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Doug Clark: As city bungles Zehm incident, Apple shows some polish

Before telling you how you can still get an Otto button, I want to compliment a city official.

I know. An unrigged Iranian election is easier to find than kind words about city officials in a Clark column.

Still, Bob Apple deserves praise.

Apple caught my attention when he spoke out about the city’s crass attempt to smear Otto Zehm, who died in 2006 not long after being bashed by Spokane cops.

The councilman took a dim view of the blame-the- dead-victim tactic the city’s legal weasels are using to derail a lawsuit filed by Otto’s mother, Ann.

Apple characterized this disgraceful scheme as an “attitude of basically, ‘We’re not responsible and this life isn’t worth anything.’ ”

Nice, Bob.

Apple has been a column comedy donor over the years.

He is, after all, the same guy who stopped stocking toilet paper in his Hillyard saloon to thwart paper-pilfering patrons.

But Apple’s sensitivity is spot on regarding the assault on a mentally ill janitor in a Spokane convenience store.

Tarred wrongfully as a thief in a 911 call, Otto was repeatedly clubbed and shocked with a stun gun by Officer Karl F. Thompson Jr. and other cops who arrived later.

Three long and frustrating years passed with no charges and no justice.

Then, on Monday, Thompson was indicted by a federal grand jury on charges of violating Otto’s civil rights and later lying to investigators about the confrontation.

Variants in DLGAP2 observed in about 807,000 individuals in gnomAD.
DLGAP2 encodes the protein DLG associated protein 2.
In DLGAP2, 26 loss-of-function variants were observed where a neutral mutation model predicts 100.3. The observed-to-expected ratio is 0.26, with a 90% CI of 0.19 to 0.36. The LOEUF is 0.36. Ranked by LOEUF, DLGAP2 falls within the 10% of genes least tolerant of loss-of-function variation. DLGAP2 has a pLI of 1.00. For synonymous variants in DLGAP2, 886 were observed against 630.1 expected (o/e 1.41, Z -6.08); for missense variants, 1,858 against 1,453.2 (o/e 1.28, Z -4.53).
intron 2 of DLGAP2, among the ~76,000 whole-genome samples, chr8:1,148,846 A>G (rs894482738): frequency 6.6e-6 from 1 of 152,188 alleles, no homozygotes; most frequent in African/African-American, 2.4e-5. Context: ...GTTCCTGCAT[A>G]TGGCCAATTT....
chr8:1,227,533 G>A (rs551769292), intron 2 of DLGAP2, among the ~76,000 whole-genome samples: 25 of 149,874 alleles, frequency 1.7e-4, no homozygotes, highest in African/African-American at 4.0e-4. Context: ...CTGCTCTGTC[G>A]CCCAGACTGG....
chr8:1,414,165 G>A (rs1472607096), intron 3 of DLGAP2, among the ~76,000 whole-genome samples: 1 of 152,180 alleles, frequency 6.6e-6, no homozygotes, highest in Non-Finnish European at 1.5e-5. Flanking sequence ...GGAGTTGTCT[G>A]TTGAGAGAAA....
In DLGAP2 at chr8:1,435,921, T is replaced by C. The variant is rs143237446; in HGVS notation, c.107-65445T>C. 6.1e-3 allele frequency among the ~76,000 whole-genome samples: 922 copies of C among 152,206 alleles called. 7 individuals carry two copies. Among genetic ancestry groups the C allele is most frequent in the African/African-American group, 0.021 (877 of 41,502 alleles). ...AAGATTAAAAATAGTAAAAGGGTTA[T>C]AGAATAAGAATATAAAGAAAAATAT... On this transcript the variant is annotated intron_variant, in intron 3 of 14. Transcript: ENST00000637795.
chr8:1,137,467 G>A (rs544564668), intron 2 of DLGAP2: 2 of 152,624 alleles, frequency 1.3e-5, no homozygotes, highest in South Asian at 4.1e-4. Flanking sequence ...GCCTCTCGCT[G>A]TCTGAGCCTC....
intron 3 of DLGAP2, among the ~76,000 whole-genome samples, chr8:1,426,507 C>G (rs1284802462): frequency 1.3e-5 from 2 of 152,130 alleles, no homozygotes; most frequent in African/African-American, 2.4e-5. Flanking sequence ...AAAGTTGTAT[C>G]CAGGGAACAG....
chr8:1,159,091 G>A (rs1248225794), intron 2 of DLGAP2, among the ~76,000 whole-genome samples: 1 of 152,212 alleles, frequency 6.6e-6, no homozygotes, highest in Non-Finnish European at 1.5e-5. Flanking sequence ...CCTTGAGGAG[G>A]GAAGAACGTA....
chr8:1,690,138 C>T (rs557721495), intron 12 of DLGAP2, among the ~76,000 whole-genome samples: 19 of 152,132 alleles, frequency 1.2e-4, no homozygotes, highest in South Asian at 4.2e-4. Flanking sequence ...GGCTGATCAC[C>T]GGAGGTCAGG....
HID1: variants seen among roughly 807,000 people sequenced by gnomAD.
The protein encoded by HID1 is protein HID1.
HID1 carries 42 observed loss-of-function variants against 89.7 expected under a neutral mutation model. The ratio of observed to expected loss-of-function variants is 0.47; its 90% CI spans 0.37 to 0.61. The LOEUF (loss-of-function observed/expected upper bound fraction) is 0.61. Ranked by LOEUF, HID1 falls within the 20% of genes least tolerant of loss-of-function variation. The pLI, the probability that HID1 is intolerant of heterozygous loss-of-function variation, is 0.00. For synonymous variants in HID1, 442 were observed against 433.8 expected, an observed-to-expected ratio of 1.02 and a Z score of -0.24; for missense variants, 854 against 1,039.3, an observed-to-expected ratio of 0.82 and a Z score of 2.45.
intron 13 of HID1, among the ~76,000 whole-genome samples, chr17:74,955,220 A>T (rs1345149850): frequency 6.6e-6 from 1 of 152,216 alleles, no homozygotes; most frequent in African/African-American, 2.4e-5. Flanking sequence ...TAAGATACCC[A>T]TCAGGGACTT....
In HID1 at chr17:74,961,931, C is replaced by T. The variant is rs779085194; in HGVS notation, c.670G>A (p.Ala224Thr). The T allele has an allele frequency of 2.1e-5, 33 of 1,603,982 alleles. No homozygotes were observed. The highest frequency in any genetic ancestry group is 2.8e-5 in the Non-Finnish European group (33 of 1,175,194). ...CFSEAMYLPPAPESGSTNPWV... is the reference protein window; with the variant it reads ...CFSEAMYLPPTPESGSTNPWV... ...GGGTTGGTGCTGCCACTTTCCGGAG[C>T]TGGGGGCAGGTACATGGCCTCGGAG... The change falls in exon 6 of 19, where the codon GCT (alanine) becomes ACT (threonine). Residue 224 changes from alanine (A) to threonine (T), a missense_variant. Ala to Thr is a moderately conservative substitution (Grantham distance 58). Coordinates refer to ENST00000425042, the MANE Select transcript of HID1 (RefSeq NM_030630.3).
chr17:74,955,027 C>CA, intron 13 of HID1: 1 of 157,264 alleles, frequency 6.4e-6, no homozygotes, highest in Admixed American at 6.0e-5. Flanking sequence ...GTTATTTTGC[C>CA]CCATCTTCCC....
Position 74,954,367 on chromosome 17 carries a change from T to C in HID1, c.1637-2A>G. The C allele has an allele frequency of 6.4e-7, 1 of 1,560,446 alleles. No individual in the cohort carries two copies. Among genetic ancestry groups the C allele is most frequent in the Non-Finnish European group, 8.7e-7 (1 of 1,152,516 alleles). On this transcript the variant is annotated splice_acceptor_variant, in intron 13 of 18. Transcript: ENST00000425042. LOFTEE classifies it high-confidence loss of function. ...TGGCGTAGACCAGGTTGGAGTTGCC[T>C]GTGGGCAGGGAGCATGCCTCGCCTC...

You’d think these federal indictments would serve as a City Hall wake-up call.

And you’d be wrong.

Spokane Mayor Mary Verner and other leaders could pass for honorary members of the Police Guild.

Meanwhile, the region still simmers with anger and indignation over what happened to Otto Zehm.

“They have done a great job of trying Otto,” former Spokane County Prosecutor Don Brockett wrote in an e-mail to me about the city’s victim trashing.

“Now it is our turn, through our peers, to try the actions of the officer. At least some agency had the guts to bring this to court. Finally!”

Or how about this e-mail from a city employee. I won’t identify the writer for obvious and potentially job-endangering reasons.

“I am embarrassed and ashamed by the way the officers dealt with Otto and the terrible tragedy that resulted from it,” wrote the worker.

“I hope the truth finally comes to light for everyone to see and that this sort of horrific injustice never is allowed to happen again.”

One way we can do that is to keep Otto’s name alive.

That’s where the Otto buttons come in.

If you recall, I gave away 1,000-plus Otto buttons in March.

Last week, I ordered another 300.

Here’s the deal. I won’t go through the mass-mailing nightmare again.

But at noon Friday, I’ll be giving buttons away at Auntie’s Bookstore, 402 W. Main Ave.

Come on down. Say hello.

And remember Otto.

Doug Clark is a columnist for The Spokesman-Review. He can be reached at (509) 459-5432 or by e-mail at

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